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How Much Does It Cost to Fix a BMW Drivetrain Malfunction?

How Much Does It Cost to Fix a BMW Drivetrain Malfunction?

When your BMW doesn’t perform as expected, a warning message may appear on your iDrive screen. You might see warning lights appear on your dashboard.

Although any warning can cause your adrenaline to surge, nothing gets the heart racing more for BMW drivers than a drivetrain malfunction alert.

This generalized warning can be triggered by several different problems. There could be one or more issues causing error codes to be sent through the system to notify you of the issue.

When you discover what could be causing the BMW drivetrain malfunction issue, it’s much easier to estimate the repair expense. The eventual cost is based on several factors, including where you live.

How Much Does It Cost to Fix a BMW Drivetrain Malfunction?

A BMW drivetrain malfunction causes the vehicle’s engine control module (ECM) to automatically limit the maximum torque available to drivers. When it fails, the cost to repair the components is greater than $2,000 because of the complexity of the issues involved to clear the warning message.

When you see the details of the warning, you’ll get the picture of a wrench next to the words “Drivetrain Malfunction.”

The most common message says the following.

“You can continue driving. No Roadside Assistance required. Reduced engine performance. Have the problem checked by your service center.”

A box appears below for the service request.

That’s different from other messages that appear, including the drive moderately warning.

The BMW Drive Train Malfunction Drive Moderately Problem creates a significant issue for drivers. It can cause several signs and symptoms that you might notice before the warning appears on your iDrive notification or dashboard.

If you experience one or more of the following issues with your BMW, you should have it looked at by your dealership or a qualified and certified mechanic.

  • You have smoke (blue, black, or white) coming from the exhaust system.
  • The BMW experiences more shaking, especially when accelerating rapidly.
  • You have the engine stop or stall while driving or idling.
  • Your automatic transmission doesn’t shift to a higher gear while going up a steep including.
  • The vehicle refuses to start, and it may not turn over at all.
  • There is a lack of acceleration power, even on straight stretches, like when you attempt to pass.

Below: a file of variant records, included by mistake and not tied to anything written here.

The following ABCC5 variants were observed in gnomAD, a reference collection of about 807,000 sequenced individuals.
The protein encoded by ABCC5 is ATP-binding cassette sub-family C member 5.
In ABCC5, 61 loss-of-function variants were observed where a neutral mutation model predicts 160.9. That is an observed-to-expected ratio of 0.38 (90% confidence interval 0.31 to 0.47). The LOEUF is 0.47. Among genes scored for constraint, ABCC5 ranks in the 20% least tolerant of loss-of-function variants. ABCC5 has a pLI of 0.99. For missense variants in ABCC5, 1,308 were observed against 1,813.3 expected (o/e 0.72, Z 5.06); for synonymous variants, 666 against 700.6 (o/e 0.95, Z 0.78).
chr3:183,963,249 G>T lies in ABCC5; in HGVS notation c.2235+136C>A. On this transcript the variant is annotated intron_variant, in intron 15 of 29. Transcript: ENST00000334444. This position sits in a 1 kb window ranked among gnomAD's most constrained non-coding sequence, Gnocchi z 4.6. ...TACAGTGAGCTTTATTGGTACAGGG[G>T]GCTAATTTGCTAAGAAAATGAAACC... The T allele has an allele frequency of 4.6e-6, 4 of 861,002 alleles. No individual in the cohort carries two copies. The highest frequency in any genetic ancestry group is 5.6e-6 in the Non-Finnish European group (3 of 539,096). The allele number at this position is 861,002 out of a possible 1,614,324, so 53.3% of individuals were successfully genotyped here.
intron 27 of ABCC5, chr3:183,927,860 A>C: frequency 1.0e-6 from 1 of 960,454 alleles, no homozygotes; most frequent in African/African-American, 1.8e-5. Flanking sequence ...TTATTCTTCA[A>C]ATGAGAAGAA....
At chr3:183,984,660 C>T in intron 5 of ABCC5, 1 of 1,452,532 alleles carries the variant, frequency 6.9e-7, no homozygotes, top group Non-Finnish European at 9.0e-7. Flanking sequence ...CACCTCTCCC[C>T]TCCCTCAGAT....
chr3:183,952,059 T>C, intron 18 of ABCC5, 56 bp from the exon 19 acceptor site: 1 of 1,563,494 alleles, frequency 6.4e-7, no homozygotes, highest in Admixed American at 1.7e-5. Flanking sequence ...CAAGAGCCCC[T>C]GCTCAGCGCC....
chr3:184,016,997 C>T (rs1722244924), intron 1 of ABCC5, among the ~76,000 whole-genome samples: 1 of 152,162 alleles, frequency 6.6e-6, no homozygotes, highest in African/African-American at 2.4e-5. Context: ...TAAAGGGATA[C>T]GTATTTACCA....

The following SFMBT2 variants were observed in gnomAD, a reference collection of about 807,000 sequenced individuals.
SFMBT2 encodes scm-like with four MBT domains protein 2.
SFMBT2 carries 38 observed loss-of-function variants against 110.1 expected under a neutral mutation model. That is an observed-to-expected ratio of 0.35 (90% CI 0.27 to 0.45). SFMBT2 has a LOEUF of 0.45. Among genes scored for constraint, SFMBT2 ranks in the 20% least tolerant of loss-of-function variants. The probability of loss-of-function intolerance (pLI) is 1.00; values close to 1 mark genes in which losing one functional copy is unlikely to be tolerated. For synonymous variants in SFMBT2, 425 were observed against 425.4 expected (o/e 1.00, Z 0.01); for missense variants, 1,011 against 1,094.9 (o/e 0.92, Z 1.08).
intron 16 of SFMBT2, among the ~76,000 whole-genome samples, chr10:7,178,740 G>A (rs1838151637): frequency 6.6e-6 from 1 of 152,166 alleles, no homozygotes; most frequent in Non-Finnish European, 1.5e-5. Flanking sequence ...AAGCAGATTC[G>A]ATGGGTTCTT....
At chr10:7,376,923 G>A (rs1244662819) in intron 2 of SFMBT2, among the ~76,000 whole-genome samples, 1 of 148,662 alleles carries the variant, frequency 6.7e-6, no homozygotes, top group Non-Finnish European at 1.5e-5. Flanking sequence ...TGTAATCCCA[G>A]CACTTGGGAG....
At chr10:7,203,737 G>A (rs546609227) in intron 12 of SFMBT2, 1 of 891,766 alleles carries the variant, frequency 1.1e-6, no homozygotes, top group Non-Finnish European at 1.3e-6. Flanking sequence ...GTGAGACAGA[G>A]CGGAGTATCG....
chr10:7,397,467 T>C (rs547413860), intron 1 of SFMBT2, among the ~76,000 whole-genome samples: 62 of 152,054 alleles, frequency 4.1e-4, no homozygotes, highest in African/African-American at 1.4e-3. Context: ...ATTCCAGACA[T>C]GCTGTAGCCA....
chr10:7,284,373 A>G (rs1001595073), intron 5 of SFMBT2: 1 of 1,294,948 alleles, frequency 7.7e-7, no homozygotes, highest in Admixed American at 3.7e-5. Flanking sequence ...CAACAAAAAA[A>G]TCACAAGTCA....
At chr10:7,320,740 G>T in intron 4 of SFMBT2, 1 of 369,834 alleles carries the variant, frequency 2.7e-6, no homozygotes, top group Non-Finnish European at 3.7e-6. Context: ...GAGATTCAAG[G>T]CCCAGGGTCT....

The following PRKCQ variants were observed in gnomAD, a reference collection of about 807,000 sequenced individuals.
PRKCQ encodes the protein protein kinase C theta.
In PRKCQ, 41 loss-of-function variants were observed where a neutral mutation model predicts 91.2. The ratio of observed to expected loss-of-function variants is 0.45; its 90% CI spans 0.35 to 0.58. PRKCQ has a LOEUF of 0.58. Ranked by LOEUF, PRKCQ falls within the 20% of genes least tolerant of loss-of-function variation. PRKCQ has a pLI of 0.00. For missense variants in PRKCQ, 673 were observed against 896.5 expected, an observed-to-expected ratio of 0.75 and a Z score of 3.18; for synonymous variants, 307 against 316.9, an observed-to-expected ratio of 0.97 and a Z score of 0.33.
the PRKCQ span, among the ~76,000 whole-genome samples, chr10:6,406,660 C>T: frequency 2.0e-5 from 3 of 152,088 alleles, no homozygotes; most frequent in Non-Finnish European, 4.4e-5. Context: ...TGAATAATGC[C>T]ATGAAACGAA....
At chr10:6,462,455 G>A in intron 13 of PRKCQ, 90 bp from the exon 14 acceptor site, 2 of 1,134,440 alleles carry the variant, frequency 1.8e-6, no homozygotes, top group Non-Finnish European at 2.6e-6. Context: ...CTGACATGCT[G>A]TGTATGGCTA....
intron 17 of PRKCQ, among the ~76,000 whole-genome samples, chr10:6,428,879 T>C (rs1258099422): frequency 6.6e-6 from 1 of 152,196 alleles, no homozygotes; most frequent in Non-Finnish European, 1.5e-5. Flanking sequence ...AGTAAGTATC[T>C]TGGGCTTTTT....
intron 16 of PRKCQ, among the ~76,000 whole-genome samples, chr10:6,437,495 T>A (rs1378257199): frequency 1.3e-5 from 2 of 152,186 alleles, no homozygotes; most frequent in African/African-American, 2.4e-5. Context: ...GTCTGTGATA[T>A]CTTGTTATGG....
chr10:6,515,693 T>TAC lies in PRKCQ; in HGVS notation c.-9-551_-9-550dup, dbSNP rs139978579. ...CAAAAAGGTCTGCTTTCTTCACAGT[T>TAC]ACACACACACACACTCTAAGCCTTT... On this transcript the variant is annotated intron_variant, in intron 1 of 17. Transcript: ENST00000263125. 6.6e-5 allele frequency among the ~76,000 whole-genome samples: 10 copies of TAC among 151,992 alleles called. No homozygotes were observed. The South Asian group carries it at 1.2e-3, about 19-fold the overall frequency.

Once any of these issues occur, you may have a BMW drivetrain malfunction to address. When this problem develops, the transmission could go into safe mode.

You could look at every part the ECM receives information from to determine what triggered the BMW drivetrain malfunction warning. A better option is to use a code reader.

What Code Reader Do I Need for a BMW?

BMW vehicles produce unique codes that a standard OBD-II scanner won’t recognize. That’s why you can drive it to some auto part stores and receive a clean bill of health even when there’s a warning message on your iDrive screen. You need something that speaks the same language as your vehicle.

A great choice for diagnosing your error codes at home is the ANCEL BM700 BMW Full Systems Diagnostic Scanner. It not only reads your BMW codes, but it also comes with several additional features that help to maximize the value of this investment.

  • You can use the tool to read standard OBD-II codes on other vehicles with a compatible port (usually found under the dash on the driver’s side).
  • It takes care of the oil reset after you’re notified it’s time for a change.
  • It provides EPB, BMS, and ETCS resets.

The BMW scanner also performs OBD-II test modes, including the EVAP system test, VIN retrieval, and I/M readiness.

The only way to restore functionality is to fix the malfunction. How much that costs will depend on what the problem is with the vehicle.

What Are the Causes of a BMW Drivetrain Malfunction?

Several issues can cause the BMW drivetrain malfunction warning to occur. Each one may co-exist with others, which is why it is helpful to have a scanning tool that can pick up the error codes produced by the vehicle.

Here is a closer look at the various issues that can cause the warning to appear without having the drive moderately language included on the iDrive screen.

1. Spark Plug Malfunction

One of the primary culprits of the drivetrain malfunction warning is the spark plugs. You could have one or more of them not taking care of their job as expected.

Spark plugs create sparks by having a circuit with an arc present. This process raises the voltage, causing the electricity to jump.

When they get old, they don’t function as well. Inefficient spark plugs can cause a warning message to appear. If you replace them (and potentially the cables), your BMW can function as expected.

You can use a compatible BMW OBD-II scanner to clear the error code.

2. Ignition Coil Failure

The ignition coils on BMW vehicles have a notorious reputation for shaking loose. If you hit a speed bump too quickly, that can be enough of a jostle to cause the drivetrain malfunction warning to appear.

You can also experience this warning when a cylinder misfires because of a coil malfunction.

The ignition coils on older BMW models have an average lifespan of approximately 140,000 miles. Once they receive enough vibration and heat, they’ll stop working as expected. You may notice less gas mileage and stalling problems develop when this issue is present.